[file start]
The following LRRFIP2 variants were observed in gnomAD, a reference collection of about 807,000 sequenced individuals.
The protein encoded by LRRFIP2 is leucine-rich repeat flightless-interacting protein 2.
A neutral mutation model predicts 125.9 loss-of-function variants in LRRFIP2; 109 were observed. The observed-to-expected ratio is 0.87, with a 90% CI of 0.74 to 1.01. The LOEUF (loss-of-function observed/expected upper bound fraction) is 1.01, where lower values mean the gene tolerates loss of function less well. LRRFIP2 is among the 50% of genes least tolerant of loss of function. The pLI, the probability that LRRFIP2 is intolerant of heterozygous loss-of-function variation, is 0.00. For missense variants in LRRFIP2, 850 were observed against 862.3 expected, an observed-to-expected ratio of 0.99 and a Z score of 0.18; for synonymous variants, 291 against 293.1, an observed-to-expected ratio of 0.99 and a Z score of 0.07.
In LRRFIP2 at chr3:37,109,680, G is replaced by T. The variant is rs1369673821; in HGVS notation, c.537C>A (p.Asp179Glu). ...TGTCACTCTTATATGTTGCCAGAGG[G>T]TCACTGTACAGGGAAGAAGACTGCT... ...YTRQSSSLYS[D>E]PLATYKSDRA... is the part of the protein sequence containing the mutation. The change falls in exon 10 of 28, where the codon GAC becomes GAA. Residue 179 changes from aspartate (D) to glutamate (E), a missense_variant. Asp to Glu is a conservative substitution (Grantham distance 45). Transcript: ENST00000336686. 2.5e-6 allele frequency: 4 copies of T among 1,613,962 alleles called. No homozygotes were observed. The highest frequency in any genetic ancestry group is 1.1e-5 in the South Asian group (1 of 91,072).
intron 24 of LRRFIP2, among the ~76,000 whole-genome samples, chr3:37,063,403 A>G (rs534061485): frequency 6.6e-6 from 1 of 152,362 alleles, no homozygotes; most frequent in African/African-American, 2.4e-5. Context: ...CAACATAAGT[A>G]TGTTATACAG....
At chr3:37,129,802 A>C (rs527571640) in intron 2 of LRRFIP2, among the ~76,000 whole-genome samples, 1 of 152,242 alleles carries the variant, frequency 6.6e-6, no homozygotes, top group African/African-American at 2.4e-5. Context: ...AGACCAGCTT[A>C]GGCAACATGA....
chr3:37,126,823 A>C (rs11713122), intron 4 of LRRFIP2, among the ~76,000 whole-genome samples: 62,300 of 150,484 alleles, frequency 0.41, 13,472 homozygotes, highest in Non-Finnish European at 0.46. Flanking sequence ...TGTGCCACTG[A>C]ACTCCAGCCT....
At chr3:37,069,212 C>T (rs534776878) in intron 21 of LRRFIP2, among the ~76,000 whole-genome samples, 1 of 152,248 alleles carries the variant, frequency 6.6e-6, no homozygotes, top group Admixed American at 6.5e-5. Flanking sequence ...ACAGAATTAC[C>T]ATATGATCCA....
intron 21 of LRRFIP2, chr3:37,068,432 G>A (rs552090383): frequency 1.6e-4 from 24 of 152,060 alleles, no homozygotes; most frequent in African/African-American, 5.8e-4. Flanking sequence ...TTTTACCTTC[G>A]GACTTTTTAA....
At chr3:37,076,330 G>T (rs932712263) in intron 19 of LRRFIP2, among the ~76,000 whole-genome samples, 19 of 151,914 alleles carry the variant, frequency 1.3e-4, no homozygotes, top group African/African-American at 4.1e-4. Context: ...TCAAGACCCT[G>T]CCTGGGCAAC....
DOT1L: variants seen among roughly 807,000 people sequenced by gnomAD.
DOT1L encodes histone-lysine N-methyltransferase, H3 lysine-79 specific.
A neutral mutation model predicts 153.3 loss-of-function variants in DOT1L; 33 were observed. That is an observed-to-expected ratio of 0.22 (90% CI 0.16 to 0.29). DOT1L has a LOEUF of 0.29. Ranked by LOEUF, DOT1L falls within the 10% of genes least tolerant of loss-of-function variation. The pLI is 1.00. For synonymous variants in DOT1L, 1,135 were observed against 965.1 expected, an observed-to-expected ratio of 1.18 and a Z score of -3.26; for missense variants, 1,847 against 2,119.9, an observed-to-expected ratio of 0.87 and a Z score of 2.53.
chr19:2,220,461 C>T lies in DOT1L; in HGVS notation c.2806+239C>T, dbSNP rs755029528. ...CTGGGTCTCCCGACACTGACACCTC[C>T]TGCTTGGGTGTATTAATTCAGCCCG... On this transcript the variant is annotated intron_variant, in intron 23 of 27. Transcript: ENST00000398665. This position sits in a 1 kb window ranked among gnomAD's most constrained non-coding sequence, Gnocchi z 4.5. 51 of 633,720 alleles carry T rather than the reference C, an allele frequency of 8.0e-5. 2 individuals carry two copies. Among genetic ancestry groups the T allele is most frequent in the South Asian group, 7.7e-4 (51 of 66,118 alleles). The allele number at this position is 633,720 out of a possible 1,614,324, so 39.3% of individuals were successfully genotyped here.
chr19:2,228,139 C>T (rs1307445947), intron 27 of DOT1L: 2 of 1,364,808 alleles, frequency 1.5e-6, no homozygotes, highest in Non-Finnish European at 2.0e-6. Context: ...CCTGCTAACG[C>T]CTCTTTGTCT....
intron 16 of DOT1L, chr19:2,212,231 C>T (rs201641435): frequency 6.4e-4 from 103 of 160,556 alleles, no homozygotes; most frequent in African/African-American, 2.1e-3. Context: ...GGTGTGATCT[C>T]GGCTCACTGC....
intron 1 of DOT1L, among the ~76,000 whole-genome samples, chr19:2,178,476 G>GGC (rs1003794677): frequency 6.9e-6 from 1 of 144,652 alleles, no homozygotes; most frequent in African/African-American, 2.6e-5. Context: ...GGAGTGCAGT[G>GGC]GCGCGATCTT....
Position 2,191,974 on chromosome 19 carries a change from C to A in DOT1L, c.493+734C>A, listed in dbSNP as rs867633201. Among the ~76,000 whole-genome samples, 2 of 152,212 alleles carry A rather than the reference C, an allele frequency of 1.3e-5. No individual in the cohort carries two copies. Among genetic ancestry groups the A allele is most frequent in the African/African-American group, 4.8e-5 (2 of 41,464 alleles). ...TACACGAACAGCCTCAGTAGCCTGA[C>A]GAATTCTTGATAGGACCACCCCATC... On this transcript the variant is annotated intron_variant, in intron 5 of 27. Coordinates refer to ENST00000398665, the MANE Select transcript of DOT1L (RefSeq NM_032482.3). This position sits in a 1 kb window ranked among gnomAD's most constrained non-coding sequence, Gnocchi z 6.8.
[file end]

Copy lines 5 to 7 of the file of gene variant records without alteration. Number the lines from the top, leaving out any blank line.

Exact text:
intron 24 of LRRFIP2, among the ~76,000 whole-genome samples, chr3:37,063,403 A>G (rs534061485): frequency 6.6e-6 from 1 of 152,362 alleles, no homozygotes; most frequent in African/African-American, 2.4e-5. Context: ...CAACATAAGT[A>G]TGTTATACAG....
At chr3:37,129,802 A>C (rs527571640) in intron 2 of LRRFIP2, among the ~76,000 whole-genome samples, 1 of 152,242 alleles carries the variant, frequency 6.6e-6, no homozygotes, top group African/African-American at 2.4e-5. Context: ...AGACCAGCTT[A>C]GGCAACATGA....
chr3:37,126,823 A>C (rs11713122), intron 4 of LRRFIP2, among the ~76,000 whole-genome samples: 62,300 of 150,484 alleles, frequency 0.41, 13,472 homozygotes, highest in Non-Finnish European at 0.46. Flanking sequence ...TGTGCCACTG[A>C]ACTCCAGCCT....